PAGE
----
Monday, January 29, 2007

RRSPs: What should you do?

So, here in Canada, as every major news outlet has been sure to mention, it's RRSP season (RRSP are like 401ks), and everyone has to make sure to contribute as much as they can before the deadline. There are the typical stories of how you don't want to find yourself flipping burgers in your golden years, and bleak images of penniless seniors wasting away, alone, in decrepit retirement homes. As a result of these aggressive campaigns, people will head to their banks and financial advisors in droves and shovel money at them in the hopes that they can somehow avoid a pauper's fate. I am here to tell you today that all of this is hogwash. Pure hogwash.

Not that I think that RRSPs are a bad idea. An easy tax shelter, a giver of peace of mind, a way to squirrel away your savings so that you can't easily get at them, RRSPs are a wonderful savings tool, if used properly based on your own financial situation. However, contributing to RRSPs shouldn't be automatic. You have to think about what you want to invest in, what kind of lifestyle you want now and in the future, and how you plan on managing your account, while taking into consideration the other major socioeconomic challenges in your life (buying a house/raising children/taking care of elderly parents). Many of the people I know who opened RRSPs recently didn't even know that they had to invest in something, like you just had to put money in and the rest would take care of itself. Often, these people, when told they actually have to invest in something, get sold mutual funds with questionable returns and high MERs, or other things that may not be in the best interests of the client. So really, who gets rich off registered retirement savings programs?

In addition, everyone plays up the tax shelter advantage. Yes, there is an advantage, in that your contributions and capital gains compound tax free. But what if I want to pay my taxes now? For example, it doesn't make a lot of sense for a struggling university student to make RRSP contributions from the lowest tax bracket, the return just isn't worth it. Then, when the money is withdrawn upon retirement, it's withdrawn in a higher bracket. So, on occasion, paying into and RRSP means that you could end up paying MORE tax over the course of your lifetime. This is the case with me.

As of right now, I fall squarely in the upper-middle income tax bracket. However, I am only 30, and I am safely assuming that over the course of my career, I will in all likelihood progress well into that upper income bracket, the one where you lose about half of your income in tax. In fact, I am assuming that I will progress far enough into that bracket that when I receive my pension of 70% of the average of my five highest income years, I'll still fall into that upper income bracket. So I would contribute to an RRSP now and get 30 cents back on the dollar for the privilege of withdrawing that money in my retirement and paying 50 cents of tax on the dollar at that point. No thanks.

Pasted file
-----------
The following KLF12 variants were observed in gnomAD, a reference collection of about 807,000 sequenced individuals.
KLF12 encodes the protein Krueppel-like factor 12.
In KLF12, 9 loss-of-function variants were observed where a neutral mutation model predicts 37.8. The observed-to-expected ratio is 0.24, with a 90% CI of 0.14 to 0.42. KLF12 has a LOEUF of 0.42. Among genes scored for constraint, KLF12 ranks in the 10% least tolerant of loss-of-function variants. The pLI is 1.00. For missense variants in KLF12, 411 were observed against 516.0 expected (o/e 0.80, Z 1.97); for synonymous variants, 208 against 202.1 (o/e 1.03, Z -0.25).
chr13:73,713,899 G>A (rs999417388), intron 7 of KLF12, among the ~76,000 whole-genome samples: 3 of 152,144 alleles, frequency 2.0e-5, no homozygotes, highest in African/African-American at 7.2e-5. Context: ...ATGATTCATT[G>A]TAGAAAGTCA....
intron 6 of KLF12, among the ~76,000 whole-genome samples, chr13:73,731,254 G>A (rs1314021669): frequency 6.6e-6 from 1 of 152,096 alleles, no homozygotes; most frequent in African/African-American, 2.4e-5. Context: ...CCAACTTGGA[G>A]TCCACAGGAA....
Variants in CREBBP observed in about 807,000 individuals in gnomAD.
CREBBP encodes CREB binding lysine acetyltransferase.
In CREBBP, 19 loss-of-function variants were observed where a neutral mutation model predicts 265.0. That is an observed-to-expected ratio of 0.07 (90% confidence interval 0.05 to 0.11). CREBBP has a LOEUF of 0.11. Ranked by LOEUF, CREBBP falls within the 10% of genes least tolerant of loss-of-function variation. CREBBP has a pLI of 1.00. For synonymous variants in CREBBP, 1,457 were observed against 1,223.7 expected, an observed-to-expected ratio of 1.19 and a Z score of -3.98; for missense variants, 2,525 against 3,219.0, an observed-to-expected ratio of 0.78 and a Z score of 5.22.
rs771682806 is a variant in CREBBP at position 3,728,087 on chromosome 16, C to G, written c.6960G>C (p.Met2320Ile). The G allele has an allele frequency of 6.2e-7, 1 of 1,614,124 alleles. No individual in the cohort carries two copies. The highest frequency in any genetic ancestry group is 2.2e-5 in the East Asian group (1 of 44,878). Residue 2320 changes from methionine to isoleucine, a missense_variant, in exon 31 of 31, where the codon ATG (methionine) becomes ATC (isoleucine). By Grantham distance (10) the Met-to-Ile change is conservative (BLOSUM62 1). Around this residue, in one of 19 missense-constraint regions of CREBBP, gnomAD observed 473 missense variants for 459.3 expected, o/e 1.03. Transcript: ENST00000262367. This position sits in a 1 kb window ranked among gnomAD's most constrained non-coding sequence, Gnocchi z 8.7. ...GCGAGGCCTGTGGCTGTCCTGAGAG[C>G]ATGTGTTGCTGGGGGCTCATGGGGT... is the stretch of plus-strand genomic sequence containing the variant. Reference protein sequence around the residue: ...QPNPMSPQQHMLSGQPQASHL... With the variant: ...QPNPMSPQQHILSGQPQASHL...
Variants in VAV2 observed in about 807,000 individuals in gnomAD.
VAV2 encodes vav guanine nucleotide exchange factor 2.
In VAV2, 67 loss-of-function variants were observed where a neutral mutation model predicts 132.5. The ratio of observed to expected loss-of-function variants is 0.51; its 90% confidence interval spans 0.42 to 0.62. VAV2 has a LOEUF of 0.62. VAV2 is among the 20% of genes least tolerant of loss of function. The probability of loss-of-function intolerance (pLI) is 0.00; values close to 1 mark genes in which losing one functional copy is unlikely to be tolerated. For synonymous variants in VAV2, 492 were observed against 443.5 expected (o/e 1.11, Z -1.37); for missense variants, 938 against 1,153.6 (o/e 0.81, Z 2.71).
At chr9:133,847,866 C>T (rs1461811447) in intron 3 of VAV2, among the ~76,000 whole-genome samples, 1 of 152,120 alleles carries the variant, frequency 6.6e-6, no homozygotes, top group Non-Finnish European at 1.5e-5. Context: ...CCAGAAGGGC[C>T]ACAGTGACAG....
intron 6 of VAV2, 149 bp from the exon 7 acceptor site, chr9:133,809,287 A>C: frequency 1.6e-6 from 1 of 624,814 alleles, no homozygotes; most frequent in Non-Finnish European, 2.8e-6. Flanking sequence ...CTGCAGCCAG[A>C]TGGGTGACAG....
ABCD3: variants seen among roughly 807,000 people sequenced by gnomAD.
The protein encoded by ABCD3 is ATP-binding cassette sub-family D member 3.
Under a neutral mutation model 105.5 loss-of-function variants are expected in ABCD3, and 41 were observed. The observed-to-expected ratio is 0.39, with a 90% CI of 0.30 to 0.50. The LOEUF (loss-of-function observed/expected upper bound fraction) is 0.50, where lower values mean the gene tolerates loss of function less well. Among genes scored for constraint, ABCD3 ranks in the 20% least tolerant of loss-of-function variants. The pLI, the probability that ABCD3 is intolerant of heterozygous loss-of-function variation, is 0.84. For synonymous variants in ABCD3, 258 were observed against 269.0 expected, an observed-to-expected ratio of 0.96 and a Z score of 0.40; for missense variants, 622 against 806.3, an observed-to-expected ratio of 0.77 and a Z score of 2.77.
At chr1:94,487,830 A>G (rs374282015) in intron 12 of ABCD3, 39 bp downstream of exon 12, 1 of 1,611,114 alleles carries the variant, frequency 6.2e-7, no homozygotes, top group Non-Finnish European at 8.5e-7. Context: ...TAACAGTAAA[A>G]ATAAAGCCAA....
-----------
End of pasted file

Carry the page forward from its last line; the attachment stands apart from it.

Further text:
There is also the matter of paying off the mortgage. You won't get many financial advisors telling you to pay off your mortgage quickly instead of contributing to an RRSP. Why? Because paying off your mortgage quickly results in less money being made by the bank, while banks keep a little of every RRSP contribution you make. And guess what? Even if your investments tank, the bank still takes it's cut for managing your account, even though you lost money. I am looking to pay off a $250,000 mortgage in 7 years, instead of the standard 25. In doing so, not only is my head above water faster, but I save over $125,000, in the form of interest I don't have to pay. I don't know of any financial product that can net me that high a return in that amount of time.

I'm not saying that everyone should neglect your RRSP and run your financial advisors out of town. Just that as in all of life's challenges, you have to carefully weigh all of your options and do your research before you decide what's best. Commercials and marketing campaigns don't know who you are and what you think is important. Don't be so quick to take what the media is saying at face value, as you'll come to discover, they have interests too. Some people in my situation could look at the same factors I looked at, and decide that an RRSP is right for them. That's ok. The important part is that they did the legwork. I'm not going to tell them they're wrong if they're aware of the positives and negatives of their decision and stand by it.

Come to think of it, that's a pretty sound piece of advice for more than RRSPs: don't leave it up to someone else to make up your mind.